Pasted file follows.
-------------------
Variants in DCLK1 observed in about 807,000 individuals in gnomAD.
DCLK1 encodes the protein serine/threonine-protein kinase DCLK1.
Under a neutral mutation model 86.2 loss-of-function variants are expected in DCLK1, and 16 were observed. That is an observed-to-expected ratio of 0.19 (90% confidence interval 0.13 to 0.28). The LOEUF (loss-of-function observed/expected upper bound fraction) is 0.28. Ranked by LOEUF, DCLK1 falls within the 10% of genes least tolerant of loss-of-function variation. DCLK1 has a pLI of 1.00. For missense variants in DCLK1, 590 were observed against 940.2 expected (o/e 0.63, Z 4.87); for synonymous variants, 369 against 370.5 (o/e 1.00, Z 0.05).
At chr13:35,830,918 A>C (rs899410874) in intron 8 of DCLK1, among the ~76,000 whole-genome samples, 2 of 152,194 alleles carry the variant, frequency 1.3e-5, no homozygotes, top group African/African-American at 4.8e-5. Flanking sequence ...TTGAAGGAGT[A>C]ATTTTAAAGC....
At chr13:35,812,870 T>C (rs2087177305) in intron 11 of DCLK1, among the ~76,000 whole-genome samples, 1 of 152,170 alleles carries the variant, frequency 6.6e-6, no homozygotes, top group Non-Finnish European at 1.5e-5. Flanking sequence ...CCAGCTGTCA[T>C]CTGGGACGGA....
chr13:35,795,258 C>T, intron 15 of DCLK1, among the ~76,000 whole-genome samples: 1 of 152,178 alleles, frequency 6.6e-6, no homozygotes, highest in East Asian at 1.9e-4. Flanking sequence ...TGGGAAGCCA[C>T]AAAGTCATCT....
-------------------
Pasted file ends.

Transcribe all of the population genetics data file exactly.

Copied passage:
Variants in DCLK1 observed in about 807,000 individuals in gnomAD.
DCLK1 encodes the protein serine/threonine-protein kinase DCLK1.
Under a neutral mutation model 86.2 loss-of-function variants are expected in DCLK1, and 16 were observed. That is an observed-to-expected ratio of 0.19 (90% confidence interval 0.13 to 0.28). The LOEUF (loss-of-function observed/expected upper bound fraction) is 0.28. Ranked by LOEUF, DCLK1 falls within the 10% of genes least tolerant of loss-of-function variation. DCLK1 has a pLI of 1.00. For missense variants in DCLK1, 590 were observed against 940.2 expected (o/e 0.63, Z 4.87); for synonymous variants, 369 against 370.5 (o/e 1.00, Z 0.05).
At chr13:35,830,918 A>C (rs899410874) in intron 8 of DCLK1, among the ~76,000 whole-genome samples, 2 of 152,194 alleles carry the variant, frequency 1.3e-5, no homozygotes, top group African/African-American at 4.8e-5. Flanking sequence ...TTGAAGGAGT[A>C]ATTTTAAAGC....
At chr13:35,812,870 T>C (rs2087177305) in intron 11 of DCLK1, among the ~76,000 whole-genome samples, 1 of 152,170 alleles carries the variant, frequency 6.6e-6, no homozygotes, top group Non-Finnish European at 1.5e-5. Flanking sequence ...CCAGCTGTCA[T>C]CTGGGACGGA....
chr13:35,795,258 C>T, intron 15 of DCLK1, among the ~76,000 whole-genome samples: 1 of 152,178 alleles, frequency 6.6e-6, no homozygotes, highest in East Asian at 1.9e-4. Flanking sequence ...TGGGAAGCCA[C>T]AAAGTCATCT....